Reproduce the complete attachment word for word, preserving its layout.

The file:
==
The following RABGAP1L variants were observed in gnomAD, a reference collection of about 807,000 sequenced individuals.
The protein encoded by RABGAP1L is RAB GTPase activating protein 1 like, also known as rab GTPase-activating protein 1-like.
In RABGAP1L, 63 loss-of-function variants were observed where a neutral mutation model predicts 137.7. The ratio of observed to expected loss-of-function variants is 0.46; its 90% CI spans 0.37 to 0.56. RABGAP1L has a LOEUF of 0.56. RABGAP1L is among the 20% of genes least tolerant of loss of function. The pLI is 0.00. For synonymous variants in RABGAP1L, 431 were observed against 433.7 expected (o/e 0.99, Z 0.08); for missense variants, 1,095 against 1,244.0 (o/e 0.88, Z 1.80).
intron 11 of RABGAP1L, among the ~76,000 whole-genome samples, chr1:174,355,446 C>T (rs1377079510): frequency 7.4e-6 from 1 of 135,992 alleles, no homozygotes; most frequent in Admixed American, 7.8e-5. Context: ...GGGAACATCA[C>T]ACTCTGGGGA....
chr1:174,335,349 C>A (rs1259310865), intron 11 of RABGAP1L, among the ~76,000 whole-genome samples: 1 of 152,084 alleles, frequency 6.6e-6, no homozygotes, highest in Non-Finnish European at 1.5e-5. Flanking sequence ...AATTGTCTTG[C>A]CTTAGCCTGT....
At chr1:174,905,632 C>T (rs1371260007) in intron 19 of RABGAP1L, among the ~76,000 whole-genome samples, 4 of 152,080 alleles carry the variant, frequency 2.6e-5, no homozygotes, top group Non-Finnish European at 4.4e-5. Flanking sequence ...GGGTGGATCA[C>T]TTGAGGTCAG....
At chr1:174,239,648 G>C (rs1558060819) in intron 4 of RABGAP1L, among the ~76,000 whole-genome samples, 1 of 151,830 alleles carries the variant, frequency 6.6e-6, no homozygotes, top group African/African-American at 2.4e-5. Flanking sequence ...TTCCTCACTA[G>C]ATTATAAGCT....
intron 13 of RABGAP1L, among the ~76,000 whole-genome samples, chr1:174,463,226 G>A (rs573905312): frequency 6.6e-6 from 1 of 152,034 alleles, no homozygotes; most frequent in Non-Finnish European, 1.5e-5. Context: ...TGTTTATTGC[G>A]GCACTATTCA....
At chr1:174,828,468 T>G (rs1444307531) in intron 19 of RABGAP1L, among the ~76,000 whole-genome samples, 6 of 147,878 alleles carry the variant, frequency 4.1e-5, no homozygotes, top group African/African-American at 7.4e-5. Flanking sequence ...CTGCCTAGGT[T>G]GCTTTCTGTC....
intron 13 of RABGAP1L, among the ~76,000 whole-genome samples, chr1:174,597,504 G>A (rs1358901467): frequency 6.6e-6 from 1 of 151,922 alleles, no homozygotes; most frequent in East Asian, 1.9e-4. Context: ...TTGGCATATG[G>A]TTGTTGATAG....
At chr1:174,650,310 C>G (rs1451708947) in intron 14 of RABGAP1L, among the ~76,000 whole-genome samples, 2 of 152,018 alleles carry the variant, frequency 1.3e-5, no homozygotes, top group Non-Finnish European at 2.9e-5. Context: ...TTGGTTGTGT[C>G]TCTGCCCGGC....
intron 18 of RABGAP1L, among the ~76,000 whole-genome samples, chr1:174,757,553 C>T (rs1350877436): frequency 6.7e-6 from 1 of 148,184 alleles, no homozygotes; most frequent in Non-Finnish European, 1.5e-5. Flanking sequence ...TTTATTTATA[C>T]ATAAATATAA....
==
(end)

The following RABGAP1L variants were observed in gnomAD, a reference collection of about 807,000 sequenced individuals.
The protein encoded by RABGAP1L is RAB GTPase activating protein 1 like, also known as rab GTPase-activating protein 1-like.
In RABGAP1L, 63 loss-of-function variants were observed where a neutral mutation model predicts 137.7. The ratio of observed to expected loss-of-function variants is 0.46; its 90% CI spans 0.37 to 0.56. RABGAP1L has a LOEUF of 0.56. RABGAP1L is among the 20% of genes least tolerant of loss of function. The pLI is 0.00. For synonymous variants in RABGAP1L, 431 were observed against 433.7 expected (o/e 0.99, Z 0.08); for missense variants, 1,095 against 1,244.0 (o/e 0.88, Z 1.80).
intron 11 of RABGAP1L, among the ~76,000 whole-genome samples, chr1:174,355,446 C>T (rs1377079510): frequency 7.4e-6 from 1 of 135,992 alleles, no homozygotes; most frequent in Admixed American, 7.8e-5. Context: ...GGGAACATCA[C>T]ACTCTGGGGA....
chr1:174,335,349 C>A (rs1259310865), intron 11 of RABGAP1L, among the ~76,000 whole-genome samples: 1 of 152,084 alleles, frequency 6.6e-6, no homozygotes, highest in Non-Finnish European at 1.5e-5. Flanking sequence ...AATTGTCTTG[C>A]CTTAGCCTGT....
At chr1:174,905,632 C>T (rs1371260007) in intron 19 of RABGAP1L, among the ~76,000 whole-genome samples, 4 of 152,080 alleles carry the variant, frequency 2.6e-5, no homozygotes, top group Non-Finnish European at 4.4e-5. Flanking sequence ...GGGTGGATCA[C>T]TTGAGGTCAG....
At chr1:174,239,648 G>C (rs1558060819) in intron 4 of RABGAP1L, among the ~76,000 whole-genome samples, 1 of 151,830 alleles carries the variant, frequency 6.6e-6, no homozygotes, top group African/African-American at 2.4e-5. Flanking sequence ...TTCCTCACTA[G>C]ATTATAAGCT....
intron 13 of RABGAP1L, among the ~76,000 whole-genome samples, chr1:174,463,226 G>A (rs573905312): frequency 6.6e-6 from 1 of 152,034 alleles, no homozygotes; most frequent in Non-Finnish European, 1.5e-5. Context: ...TGTTTATTGC[G>A]GCACTATTCA....
At chr1:174,828,468 T>G (rs1444307531) in intron 19 of RABGAP1L, among the ~76,000 whole-genome samples, 6 of 147,878 alleles carry the variant, frequency 4.1e-5, no homozygotes, top group African/African-American at 7.4e-5. Flanking sequence ...CTGCCTAGGT[T>G]GCTTTCTGTC....
intron 13 of RABGAP1L, among the ~76,000 whole-genome samples, chr1:174,597,504 G>A (rs1358901467): frequency 6.6e-6 from 1 of 151,922 alleles, no homozygotes; most frequent in East Asian, 1.9e-4. Context: ...TTGGCATATG[G>A]TTGTTGATAG....
At chr1:174,650,310 C>G (rs1451708947) in intron 14 of RABGAP1L, among the ~76,000 whole-genome samples, 2 of 152,018 alleles carry the variant, frequency 1.3e-5, no homozygotes, top group Non-Finnish European at 2.9e-5. Context: ...TTGGTTGTGT[C>G]TCTGCCCGGC....
intron 18 of RABGAP1L, among the ~76,000 whole-genome samples, chr1:174,757,553 C>T (rs1350877436): frequency 6.7e-6 from 1 of 148,184 alleles, no homozygotes; most frequent in Non-Finnish European, 1.5e-5. Flanking sequence ...TTTATTTATA[C>T]ATAAATATAA....